PACKET RADIO: Notes from the '86 CA Floods
Steve Wolf, W8IZ@W8IZ
(This text from the W8IZ packet radio bulletin
board. It's formatted to fit a 80 character screen.)
This article appeared in "World Radio News", May 1986
Disaster Welfare Traffic Speeded Via Amateur Packet Volunteers During 1986 California Flooding.
Amateur radio packet mailboxes and digipeaters are playing a vital role in providing information nationwide on the welfare of lost family and friends during the devasting floods of February 1986 in Northern California. Hardest hit were Napa, Sonoma, Solano, Sacramento, Yuba, and Sutter Counties where the President has declared a State of Emergency. Amateur radio operators worked 24 hour shifts, many into exhaustion to provide what was in many cases the only communications in and out of flooded and isolated towns. All have sacrificed and given a service to their community without renumeration other than the knowledge that they performed a service that no others could provide when it was needed the most. These radio communicators in the highest sense of the word should be held in high esteem for their humanitarian effort. Packet radio was used throughout the flooding in most of these counties providing direct communications with the State Office of Emergency Services packet operations located at State RACES Headquarters near Sacvramento as well with the California Department of Forestry, The American Red Cross district and command Headquarters, as well as many Red Cross Chapters.
Normally when the emergency communications' needs diminish because of the establishment of telephone services the Disaster Welfare Inquiry (DWI) traffic begins to be released by the Red Cross therefore allowing inquiries from families and friends who have been worrying about the victims to be answered.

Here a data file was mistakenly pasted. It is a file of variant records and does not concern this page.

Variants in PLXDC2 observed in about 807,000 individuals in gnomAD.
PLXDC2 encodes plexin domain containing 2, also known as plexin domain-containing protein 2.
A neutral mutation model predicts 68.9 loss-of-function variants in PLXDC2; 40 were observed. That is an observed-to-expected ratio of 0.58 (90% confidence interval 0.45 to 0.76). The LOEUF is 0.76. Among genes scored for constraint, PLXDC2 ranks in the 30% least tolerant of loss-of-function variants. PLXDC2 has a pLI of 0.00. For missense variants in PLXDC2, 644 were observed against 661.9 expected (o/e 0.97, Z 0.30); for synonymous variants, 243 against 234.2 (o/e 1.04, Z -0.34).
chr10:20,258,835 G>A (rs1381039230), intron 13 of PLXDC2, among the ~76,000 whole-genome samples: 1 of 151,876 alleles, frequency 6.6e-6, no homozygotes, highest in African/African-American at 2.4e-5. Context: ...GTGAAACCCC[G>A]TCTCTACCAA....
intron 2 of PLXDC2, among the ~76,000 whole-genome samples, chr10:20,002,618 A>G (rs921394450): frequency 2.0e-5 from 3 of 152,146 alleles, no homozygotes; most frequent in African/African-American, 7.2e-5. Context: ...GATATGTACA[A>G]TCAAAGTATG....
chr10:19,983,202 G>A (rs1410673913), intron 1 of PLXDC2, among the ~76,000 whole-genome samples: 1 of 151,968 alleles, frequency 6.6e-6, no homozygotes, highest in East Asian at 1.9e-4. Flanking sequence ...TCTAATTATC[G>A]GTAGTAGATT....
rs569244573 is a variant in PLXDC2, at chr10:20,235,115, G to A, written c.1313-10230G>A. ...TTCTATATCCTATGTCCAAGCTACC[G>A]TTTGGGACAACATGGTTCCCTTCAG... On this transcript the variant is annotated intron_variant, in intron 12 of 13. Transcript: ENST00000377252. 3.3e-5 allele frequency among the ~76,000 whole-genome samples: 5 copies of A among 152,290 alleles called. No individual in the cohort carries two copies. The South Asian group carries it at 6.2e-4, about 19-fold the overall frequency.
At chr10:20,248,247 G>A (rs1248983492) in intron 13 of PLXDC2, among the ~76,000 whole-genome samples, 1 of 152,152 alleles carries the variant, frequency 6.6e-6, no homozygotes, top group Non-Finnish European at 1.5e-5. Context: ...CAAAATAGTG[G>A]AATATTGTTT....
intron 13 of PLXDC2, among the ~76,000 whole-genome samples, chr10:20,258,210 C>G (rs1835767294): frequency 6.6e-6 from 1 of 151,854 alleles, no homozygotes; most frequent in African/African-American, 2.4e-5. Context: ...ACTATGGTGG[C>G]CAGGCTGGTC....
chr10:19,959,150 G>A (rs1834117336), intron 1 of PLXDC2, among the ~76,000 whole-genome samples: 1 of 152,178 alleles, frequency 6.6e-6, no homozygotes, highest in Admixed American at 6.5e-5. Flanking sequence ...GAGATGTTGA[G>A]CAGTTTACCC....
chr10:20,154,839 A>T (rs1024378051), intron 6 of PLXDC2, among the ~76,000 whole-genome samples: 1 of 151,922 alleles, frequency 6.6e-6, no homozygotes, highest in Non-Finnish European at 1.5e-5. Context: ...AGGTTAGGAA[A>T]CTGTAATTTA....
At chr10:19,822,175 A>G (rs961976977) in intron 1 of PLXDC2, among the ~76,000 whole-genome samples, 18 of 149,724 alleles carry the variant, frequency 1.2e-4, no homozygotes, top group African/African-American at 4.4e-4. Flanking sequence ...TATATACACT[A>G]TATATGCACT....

Such service is often delayed because of unavailable telephone lines, the overworking of already fatigued amateurs, and the lack of volunteers at the disaster sites to organize such a service in a timely fashion. However, in this disaster a new element was added thanks to a lively Sacramento Packet and ARES group and also to the willingness of the American Red Cross to attempt try something new.
On February 20 NI6A was contacted by N6DRT, who is the Chairman of the Communications Advisory Committee of the American Red Cross Western Operations Headquarters, ECAC member from the Pacific Division and a member of the DWI Task Force at Western, to see if we can setup a packet DWI system to the flooded chapters. By February 21, despite lack of telephone service, we had established liaison with Napa, Sonoma, Solano, and Santa Cruz Red Cross. The plan was to have stations check into the NI6A-1 (W6CUS-1) mailbox located at the Richmond Red Cross twice a day to look for DWI outgoing traffic for their chapters that would be entered directly from W6MLK located at the Red Cross Flood Headquarters for Northern California at the San Francisco Red Cross. Since this was the first time the DWI teams had interfaced with packet digital systems there were some major startup problems to overcome but the experience was edifying for both sides. The Sutter and Yuba County DWI traffic was put on the NI6A-1 mailbox at 4 PM on Sunday February 23 and replies started coming back via this same mailbox by 2030 PST that same day. This hailed in a new era where DWI traffic could make the rounds even while telephone service into the area (Yuba County in this case) was nearly impossible.